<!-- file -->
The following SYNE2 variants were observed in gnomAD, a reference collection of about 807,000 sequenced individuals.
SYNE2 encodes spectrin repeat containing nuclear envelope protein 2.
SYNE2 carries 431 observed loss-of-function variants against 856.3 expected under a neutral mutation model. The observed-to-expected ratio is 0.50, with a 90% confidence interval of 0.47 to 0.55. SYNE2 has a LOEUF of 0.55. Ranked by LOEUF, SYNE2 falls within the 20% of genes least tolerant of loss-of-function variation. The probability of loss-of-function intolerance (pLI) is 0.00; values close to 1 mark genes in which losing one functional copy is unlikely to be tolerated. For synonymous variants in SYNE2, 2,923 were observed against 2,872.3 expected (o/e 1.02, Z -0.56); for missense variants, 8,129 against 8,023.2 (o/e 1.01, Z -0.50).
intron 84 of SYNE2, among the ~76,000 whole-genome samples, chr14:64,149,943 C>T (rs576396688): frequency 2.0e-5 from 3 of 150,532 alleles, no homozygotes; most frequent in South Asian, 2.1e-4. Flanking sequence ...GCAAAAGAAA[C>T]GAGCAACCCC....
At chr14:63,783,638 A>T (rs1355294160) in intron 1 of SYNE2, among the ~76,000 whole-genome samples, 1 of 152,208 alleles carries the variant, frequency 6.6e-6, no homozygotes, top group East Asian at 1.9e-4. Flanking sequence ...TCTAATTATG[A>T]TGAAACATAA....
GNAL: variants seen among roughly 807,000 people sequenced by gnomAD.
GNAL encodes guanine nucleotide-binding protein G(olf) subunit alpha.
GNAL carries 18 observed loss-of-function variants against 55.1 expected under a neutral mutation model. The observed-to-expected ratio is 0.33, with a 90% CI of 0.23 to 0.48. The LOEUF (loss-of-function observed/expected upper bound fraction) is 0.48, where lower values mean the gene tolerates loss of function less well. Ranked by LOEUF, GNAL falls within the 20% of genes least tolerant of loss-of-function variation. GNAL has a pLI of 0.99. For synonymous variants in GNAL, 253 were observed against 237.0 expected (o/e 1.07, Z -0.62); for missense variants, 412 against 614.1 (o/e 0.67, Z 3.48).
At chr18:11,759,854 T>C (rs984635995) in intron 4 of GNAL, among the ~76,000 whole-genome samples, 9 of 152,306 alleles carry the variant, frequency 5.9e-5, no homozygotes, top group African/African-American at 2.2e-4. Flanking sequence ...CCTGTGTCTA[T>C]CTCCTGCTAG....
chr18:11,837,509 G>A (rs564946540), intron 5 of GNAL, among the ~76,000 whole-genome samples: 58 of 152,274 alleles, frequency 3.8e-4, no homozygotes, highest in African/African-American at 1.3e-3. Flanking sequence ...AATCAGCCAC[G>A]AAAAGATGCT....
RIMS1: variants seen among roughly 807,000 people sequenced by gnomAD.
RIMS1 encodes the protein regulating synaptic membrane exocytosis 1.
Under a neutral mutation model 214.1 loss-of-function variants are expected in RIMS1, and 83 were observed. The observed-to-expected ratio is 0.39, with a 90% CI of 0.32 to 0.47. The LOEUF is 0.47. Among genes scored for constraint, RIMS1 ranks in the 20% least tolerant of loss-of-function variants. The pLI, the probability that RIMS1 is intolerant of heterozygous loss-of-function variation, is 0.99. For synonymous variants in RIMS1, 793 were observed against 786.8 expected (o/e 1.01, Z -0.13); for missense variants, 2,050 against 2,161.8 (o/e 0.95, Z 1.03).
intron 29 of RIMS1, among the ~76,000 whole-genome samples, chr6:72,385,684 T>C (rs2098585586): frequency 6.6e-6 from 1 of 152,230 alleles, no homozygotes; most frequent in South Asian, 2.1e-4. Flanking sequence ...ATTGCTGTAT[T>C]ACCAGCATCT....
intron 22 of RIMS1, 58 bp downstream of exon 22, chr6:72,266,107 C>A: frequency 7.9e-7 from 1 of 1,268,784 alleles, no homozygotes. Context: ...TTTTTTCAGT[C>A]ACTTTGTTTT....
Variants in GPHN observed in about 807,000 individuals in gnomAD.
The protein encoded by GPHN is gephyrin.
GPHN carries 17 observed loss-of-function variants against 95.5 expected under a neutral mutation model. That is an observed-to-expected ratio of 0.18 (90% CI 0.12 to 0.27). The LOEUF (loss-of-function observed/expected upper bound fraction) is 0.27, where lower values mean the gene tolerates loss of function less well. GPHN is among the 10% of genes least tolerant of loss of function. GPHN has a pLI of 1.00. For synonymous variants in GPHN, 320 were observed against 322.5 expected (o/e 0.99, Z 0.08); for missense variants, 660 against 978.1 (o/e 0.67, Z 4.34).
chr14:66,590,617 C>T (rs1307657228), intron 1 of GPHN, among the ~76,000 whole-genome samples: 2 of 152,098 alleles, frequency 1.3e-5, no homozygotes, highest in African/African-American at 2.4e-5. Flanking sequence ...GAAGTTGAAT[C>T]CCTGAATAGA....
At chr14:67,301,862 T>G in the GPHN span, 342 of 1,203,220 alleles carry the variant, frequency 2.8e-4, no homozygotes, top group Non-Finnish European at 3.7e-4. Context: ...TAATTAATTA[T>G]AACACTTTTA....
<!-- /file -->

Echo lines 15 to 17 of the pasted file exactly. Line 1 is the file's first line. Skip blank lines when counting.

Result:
intron 22 of RIMS1, 58 bp downstream of exon 22, chr6:72,266,107 C>A: frequency 7.9e-7 from 1 of 1,268,784 alleles, no homozygotes. Context: ...TTTTTTCAGT[C>A]ACTTTGTTTT....
Variants in GPHN observed in about 807,000 individuals in gnomAD.
The protein encoded by GPHN is gephyrin.